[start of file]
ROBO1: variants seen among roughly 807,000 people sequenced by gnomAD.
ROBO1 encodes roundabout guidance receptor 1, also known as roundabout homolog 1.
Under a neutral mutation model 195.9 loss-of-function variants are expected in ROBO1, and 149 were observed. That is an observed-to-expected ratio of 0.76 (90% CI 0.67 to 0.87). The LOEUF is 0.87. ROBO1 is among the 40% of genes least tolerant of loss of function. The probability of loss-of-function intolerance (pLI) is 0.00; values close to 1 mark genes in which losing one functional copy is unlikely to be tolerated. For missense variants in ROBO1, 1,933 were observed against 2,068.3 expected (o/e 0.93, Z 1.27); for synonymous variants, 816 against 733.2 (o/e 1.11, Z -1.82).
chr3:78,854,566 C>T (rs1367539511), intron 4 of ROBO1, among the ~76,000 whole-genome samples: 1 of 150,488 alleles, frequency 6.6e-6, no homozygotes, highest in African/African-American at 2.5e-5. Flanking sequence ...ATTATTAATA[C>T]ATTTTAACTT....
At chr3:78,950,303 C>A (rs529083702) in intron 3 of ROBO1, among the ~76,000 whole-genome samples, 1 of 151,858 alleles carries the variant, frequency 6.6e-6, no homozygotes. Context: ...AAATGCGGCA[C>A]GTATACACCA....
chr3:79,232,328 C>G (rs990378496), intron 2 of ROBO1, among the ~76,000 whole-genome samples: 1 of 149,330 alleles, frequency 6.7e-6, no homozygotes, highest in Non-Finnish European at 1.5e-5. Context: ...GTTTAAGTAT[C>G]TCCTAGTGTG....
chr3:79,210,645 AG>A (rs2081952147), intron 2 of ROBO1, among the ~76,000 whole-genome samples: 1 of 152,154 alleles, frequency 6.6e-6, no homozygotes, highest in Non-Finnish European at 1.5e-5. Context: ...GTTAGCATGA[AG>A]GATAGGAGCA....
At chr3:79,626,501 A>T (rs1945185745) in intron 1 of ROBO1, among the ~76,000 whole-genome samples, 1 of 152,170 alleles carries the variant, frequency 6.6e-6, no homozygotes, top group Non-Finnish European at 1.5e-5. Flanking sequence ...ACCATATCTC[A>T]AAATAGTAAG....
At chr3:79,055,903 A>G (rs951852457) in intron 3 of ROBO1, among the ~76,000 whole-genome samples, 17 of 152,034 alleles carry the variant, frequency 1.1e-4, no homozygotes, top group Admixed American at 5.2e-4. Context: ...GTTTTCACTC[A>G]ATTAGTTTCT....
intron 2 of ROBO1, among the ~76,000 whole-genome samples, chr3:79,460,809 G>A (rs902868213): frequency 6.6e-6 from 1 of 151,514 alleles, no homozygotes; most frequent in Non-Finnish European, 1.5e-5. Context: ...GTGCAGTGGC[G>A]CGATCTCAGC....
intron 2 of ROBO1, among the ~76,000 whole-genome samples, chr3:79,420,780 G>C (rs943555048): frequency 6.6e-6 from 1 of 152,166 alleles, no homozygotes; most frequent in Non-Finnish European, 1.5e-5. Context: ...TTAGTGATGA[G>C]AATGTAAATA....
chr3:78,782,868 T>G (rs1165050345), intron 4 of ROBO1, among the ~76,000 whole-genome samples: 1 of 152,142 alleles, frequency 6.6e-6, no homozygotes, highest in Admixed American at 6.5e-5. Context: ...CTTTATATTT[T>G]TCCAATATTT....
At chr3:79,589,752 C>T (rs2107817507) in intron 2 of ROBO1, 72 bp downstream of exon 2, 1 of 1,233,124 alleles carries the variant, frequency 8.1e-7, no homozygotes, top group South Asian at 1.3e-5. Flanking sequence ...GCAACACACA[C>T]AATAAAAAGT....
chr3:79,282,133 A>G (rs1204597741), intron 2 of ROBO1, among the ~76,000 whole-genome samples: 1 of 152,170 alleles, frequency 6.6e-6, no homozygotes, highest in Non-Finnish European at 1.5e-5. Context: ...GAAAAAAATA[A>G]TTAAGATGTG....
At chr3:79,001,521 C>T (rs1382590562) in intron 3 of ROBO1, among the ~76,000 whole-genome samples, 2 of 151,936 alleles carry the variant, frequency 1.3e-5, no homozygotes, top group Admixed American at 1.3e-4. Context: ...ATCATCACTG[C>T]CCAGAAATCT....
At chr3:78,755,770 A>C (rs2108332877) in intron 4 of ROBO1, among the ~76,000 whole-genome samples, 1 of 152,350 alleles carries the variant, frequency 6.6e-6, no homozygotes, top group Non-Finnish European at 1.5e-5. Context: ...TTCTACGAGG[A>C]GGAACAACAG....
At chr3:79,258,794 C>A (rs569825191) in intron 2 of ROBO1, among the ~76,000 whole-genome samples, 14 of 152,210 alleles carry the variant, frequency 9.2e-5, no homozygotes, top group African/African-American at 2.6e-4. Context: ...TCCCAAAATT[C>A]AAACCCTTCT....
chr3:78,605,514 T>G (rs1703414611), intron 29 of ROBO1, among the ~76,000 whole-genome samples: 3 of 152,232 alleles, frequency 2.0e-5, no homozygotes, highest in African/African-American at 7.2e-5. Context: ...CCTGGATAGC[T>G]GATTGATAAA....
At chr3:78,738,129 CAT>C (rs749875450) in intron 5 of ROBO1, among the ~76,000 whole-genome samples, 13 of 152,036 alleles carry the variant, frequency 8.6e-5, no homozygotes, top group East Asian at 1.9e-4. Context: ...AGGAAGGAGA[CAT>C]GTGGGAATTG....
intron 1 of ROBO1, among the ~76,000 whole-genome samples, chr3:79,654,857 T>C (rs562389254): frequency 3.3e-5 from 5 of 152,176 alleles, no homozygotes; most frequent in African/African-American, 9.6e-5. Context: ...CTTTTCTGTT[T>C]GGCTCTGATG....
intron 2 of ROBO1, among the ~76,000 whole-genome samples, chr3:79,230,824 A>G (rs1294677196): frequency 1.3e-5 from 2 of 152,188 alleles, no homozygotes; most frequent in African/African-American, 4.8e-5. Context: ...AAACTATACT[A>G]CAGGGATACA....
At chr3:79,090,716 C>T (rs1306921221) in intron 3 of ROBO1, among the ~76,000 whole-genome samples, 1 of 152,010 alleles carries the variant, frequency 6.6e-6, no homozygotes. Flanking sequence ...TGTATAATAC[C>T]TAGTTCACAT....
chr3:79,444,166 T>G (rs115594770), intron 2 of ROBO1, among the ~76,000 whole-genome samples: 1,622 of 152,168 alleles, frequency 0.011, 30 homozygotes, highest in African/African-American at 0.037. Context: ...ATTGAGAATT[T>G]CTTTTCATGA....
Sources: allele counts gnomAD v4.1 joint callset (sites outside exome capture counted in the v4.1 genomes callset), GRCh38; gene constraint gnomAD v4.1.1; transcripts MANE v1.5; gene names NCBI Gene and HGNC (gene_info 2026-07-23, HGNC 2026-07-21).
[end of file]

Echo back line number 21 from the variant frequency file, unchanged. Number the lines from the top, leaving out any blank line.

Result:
intron 2 of ROBO1, among the ~76,000 whole-genome samples, chr3:79,230,824 A>G (rs1294677196): frequency 1.3e-5 from 2 of 152,188 alleles, no homozygotes; most frequent in African/African-American, 4.8e-5. Context: ...AAACTATACT[A>G]CAGGGATACA....